© [2020], Sandler, Travis & Rosenberg, P.A. Originally published in the [08/19/2020] issue of the Sandler, Travis & Rosenberg Trade Report. Reprinted by permission.

The Bureau of Industry and Security has issued new regulations intended to prevent attempts by Huawei Technologies Co. Ltd. to circumvent U.S. export controls to obtain electronic components developed or produced using U.S. technology. However, these changes will also affect exports to any foreign entity on the BIS Entity List. Both rules were effective as of Aug. 17.

For more information on these regulations, please contact Kristine Pirnia.


In May BIS amended the foreign-produced direct product rule to “narrowly and strategically target Huawei’s acquisition of semiconductors that are the direct product of certain U.S. software and technology.” BIS has now issued a final rule that also applies this control to transactions where (1) U.S. software or technology is the basis for a foreign-produced item that will be incorporated into, or will be used in the production or development of, any part, component, or equipment produced, purchased, or ordered by any Huawei entity on the Entity List; or (2) any Huawei entity on the Entity List is a party to such a transaction, such as a purchaser, intermediate consignee, ultimate consignee, or end-user. BIS states that this change is designed to further restrict Huawei from obtaining foreign-made chips developed or produced from U.S. software or technology to the same degree as comparable U.S. chips.

This rule also removes a temporary general license for Huawei and its non-U.S. affiliates and replaces it with a permanent but more limited authorization restricted to providing ongoing security research critical to maintaining the integrity and reliability of existing and currently fully operational networks and equipment. This change effectively removes the previous authorization for certain activities necessary for the continued operations of existing networks and equipment as well as the support of existing mobile services.

Finally, this rule adds 38 more Huawei affiliates across 21 countries to the Entity List because there is reasonable cause to believe Huawei would otherwise seek to use them to evade the restrictions imposed by the Entity List. This action imposes a license requirement for exports of all items subject to the Export Administration Regulations to these entities.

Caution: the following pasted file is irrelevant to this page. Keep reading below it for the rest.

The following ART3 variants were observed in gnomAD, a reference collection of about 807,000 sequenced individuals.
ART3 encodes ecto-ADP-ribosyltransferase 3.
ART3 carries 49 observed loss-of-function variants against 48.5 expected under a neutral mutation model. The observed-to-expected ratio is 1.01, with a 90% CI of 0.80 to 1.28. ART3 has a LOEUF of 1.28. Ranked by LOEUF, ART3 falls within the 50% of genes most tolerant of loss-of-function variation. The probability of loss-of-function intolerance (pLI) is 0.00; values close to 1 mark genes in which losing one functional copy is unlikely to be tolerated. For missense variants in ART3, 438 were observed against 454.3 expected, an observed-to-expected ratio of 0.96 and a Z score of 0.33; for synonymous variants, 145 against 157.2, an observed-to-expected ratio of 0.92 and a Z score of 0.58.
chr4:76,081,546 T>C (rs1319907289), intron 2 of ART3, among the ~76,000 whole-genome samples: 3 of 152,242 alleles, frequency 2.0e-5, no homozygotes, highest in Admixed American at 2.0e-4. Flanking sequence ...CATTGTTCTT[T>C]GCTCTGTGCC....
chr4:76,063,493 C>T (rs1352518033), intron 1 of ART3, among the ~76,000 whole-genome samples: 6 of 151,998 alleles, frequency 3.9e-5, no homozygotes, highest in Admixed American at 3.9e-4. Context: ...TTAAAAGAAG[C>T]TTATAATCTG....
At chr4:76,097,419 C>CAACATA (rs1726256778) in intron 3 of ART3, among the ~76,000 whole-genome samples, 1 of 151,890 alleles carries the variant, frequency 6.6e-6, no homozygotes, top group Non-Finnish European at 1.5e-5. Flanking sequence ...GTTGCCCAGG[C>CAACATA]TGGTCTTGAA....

Entity List Entities

In a separate rule, BIS has amended its regulations to clarify that Entity List license requirements apply to all entities involved in a transaction subject to the EAR, not only as an ultimate consignee or end-user but also as a purchaser or intermediate consignee. BIS explains that freight forwarders and other intermediate consignees may have access to items subject to the EAR, which creates a risk of diversion when such entities are listed on the Entity List. Similarly, a purchaser may coordinate all aspects of the purchase of items subject to the EAR, from specifying the exporter, reexporter, or transferor, including designating the ultimate consignee that will receive the goods, to specifying the logistical arrangements made to effect delivery to the ultimate consignee. Accordingly, BIS states, when a person is listed on the Entity List, that person’s participation as a purchaser or intermediate consignee in an export, reexport, or transfer (in-country) of items subject to the EAR presents a risk that the person’s involvement in a transaction may circumvent the basis for their inclusion on the Entity List.

Given the extent of Huawei’s supply chain in the U.S., companies should be screening or re-screening their customer, vendor, and other third-party data against the list of Huawei affiliates to identify any potential ongoing or pending transactions with these parties and set up appropriate controls to ensure compliance with U.S. export control laws. Violations can result in significant financial penalties, denial of export privileges, and reputational damage.